Truss, who is less than a month into the job, proposed removing the top tier of income tax — meaning a saving for people who earn more than 150,000 pounds ($168,000) a year — as part of a set of unfunded economic reforms that caused the pound to fall to historic lows and damaged Britain's economic standing globally.
The pound rose after the announcement to around $1.12 — about the value it held before the Sept. 23 budget announcements.
The dramatic reversal comes just hours after Truss defiantly defended the tax cut and her broader radical economic agenda, saying it was necessary to solve the country’s long-term economic woes. Faced with a growing political rebellion after days of economic chaos, the government said early Monday it was abandoning the plan.
The embattled finance minister, Kwasi Kwarteng, was due to defend the plan in an address to the ruling Conservative Party’s annual conference. “We must stay the course. I am confident our plan is the right one,” he was due to say, according to released advance extracts of the speech.
Instead, he announced the plan was being scrapped in an early morning tweet. "We get it and we have listened," he said, followed by a similar message from Truss.
The abrupt about-face comes as the Conservatives gather in the central English city of Birmingham for an annual conference, normally a morale boosting event for activists to hear about the party's priorities for the year ahead.
Instead, the party finds itself in embarrassing retreat with a resurgent opposition center-left Labour Party about 20% ahead in opinion polls. With the country already facing a grim winter of soaring energy bills and food prices, critics accused Truss of having misplaced priorities and intensifying the pain for many.
Labour's finance spokesperson Rachel Reeves said: "The Tories have destroyed their economic credibility and damaged trust in the British economy."
For some political commentators, the reversal is too little, too late.
"The damage has been done," said Simon Usherwood, a politics professor at the Open University. "It has still created an image of a government that thought this was a good idea."
Truss has long sought to emulate Britain's divisive former leader Margaret Thatcher, who in 1980 famously said "the lady is not for turning" in response to opposition to her own economic liberalization plans. Now, as many critics eagerly pointed out, Truss has turned.
"This just shows it's a government that can be swayed," Usherwood said. "She was fully behind this plan in interviews on Sunday and is now going back on it. The question is whether there is anything she can do to revitalize her project and her brand."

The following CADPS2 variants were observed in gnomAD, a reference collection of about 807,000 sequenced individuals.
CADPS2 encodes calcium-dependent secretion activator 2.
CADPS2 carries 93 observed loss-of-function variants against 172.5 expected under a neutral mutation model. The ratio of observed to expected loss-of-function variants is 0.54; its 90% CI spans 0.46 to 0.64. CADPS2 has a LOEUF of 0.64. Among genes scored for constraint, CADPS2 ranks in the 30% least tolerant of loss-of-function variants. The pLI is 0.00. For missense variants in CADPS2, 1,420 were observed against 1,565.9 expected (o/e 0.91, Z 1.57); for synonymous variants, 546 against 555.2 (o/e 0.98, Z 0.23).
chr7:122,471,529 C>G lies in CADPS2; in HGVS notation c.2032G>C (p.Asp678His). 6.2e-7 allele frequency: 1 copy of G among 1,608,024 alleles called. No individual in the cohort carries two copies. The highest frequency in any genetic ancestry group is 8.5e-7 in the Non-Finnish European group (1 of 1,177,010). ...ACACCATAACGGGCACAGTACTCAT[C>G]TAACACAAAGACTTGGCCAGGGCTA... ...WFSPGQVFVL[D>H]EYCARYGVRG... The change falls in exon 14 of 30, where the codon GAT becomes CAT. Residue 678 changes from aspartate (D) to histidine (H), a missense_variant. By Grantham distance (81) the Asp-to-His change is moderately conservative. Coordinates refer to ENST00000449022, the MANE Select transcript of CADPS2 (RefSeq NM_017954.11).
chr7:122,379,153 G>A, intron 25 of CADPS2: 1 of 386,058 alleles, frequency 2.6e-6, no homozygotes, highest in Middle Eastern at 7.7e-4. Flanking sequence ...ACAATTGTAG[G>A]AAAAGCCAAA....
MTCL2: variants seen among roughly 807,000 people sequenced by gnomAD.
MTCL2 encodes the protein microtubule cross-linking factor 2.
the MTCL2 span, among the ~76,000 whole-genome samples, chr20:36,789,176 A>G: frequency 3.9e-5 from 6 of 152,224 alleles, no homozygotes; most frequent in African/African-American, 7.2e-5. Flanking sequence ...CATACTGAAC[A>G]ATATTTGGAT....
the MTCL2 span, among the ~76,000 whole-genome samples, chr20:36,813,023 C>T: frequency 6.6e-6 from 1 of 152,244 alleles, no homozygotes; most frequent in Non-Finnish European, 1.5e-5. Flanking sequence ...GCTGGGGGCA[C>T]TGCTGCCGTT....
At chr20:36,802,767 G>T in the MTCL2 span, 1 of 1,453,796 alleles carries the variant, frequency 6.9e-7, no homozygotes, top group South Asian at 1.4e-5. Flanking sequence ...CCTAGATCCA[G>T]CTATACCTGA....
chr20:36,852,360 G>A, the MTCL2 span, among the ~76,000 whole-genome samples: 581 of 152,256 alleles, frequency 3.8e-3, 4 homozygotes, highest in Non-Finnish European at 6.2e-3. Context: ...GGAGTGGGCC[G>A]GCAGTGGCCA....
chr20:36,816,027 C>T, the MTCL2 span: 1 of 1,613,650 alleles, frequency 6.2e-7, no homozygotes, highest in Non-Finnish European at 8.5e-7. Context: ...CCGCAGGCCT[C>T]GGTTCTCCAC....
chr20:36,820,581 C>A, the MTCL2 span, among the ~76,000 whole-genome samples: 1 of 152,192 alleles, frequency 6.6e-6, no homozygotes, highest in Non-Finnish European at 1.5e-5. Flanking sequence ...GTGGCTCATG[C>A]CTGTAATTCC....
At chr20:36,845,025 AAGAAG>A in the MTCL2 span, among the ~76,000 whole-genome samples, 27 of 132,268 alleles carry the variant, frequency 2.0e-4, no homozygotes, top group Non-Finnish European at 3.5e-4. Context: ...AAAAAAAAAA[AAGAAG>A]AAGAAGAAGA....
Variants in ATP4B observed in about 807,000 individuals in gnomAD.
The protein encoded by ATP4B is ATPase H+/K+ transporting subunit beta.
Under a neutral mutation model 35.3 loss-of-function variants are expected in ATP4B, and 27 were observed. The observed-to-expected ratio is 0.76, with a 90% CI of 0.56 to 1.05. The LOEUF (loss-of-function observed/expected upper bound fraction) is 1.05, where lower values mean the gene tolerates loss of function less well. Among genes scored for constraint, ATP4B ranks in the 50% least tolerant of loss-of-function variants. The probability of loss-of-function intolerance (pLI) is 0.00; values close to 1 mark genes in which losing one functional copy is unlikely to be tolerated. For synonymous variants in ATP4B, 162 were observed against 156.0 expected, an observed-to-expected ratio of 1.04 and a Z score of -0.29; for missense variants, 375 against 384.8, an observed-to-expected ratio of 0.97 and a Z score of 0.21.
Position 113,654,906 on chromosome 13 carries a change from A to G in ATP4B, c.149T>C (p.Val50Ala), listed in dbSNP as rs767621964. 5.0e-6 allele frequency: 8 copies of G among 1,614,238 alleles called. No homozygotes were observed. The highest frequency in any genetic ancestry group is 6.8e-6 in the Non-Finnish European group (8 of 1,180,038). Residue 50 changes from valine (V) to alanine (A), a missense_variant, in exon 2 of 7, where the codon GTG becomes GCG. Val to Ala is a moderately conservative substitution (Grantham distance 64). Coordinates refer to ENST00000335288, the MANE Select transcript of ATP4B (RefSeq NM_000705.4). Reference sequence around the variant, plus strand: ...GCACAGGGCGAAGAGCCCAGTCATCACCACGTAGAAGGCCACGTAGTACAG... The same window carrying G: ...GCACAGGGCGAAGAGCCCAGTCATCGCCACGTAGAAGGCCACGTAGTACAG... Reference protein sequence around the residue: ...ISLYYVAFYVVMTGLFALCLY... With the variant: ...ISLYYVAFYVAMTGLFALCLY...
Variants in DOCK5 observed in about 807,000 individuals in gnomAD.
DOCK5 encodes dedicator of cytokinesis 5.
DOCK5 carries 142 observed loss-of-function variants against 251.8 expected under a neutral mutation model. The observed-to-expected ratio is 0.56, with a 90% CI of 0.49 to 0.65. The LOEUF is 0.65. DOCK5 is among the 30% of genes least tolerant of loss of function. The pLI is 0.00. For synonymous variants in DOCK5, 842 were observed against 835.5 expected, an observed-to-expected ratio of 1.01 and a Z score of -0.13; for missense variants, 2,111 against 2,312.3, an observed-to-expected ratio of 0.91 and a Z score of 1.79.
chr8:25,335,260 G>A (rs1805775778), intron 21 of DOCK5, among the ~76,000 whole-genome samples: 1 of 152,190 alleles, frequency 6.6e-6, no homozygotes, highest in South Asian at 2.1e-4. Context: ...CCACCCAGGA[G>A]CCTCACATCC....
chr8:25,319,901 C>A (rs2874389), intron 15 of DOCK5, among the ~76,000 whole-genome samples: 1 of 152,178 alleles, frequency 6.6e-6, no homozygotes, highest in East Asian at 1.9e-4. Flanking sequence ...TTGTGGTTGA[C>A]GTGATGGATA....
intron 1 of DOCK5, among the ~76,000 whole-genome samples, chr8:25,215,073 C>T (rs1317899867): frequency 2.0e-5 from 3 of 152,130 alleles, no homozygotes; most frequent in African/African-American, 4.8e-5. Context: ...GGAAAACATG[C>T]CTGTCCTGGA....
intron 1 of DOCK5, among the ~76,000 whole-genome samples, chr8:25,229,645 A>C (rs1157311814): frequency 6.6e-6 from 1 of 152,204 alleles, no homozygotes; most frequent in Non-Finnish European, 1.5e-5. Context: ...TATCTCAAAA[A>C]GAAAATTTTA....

Even as Truss defended the policy over the weekend, a growing number of senior lawmakers in her party signaled they would vote against it in the House of Commons.
The plan to cut taxes for the wealthy was part of a broader "mini-budget" announced soon after the new administration took office. Aimed at fueling economic growth, it proposed broader tax and regulation cuts in a 45 billion pounds ($50 billion) package that was unfunded, leaving Britons wondering which already strained public services might be cut to save money.
The plan to borrow more to fund the tax cuts was roundly rejected as unsound by economists, with the value of the pound plummeting and the cost for the U.K. to borrow on international markets soaring.
The move earned a rare rebuke from the International Monetary Fund, which urged the government to “re-evaluate” a plan that may fuel already-soaring inflation and increase economic inequality.
The British central bank, the Bank of England, also intervened with a 65 billion pound ($73 billion) package to stave off market panic.
Despite Monday's reversal, Kwarteng said the government was sticking to its other tax policies, including a cut next year in the basic rate of income tax.
Homeowners and prospective buyers still look set for a rough ride as interest rates are still likely to rise, pushing mortgage rates higher for millions. Banks have already removed dozens of mortgage deals and pushed their monthly fees higher.
Last week Truss suffered a memorably bruising round of interviews with local radio stations, in which she falteringly attempted to defend the measures.
A BBC Nottingham presenter described the top rate income tax cut as a "reverse Robin Hood" policy and asked Truss: “Why don’t you just hold your hands up and say, ‘This is a mess, we got it wrong and we’re going to do something different'?"
Days later the government has done just this, though it may be too late to avoid long-term political and economic consequences.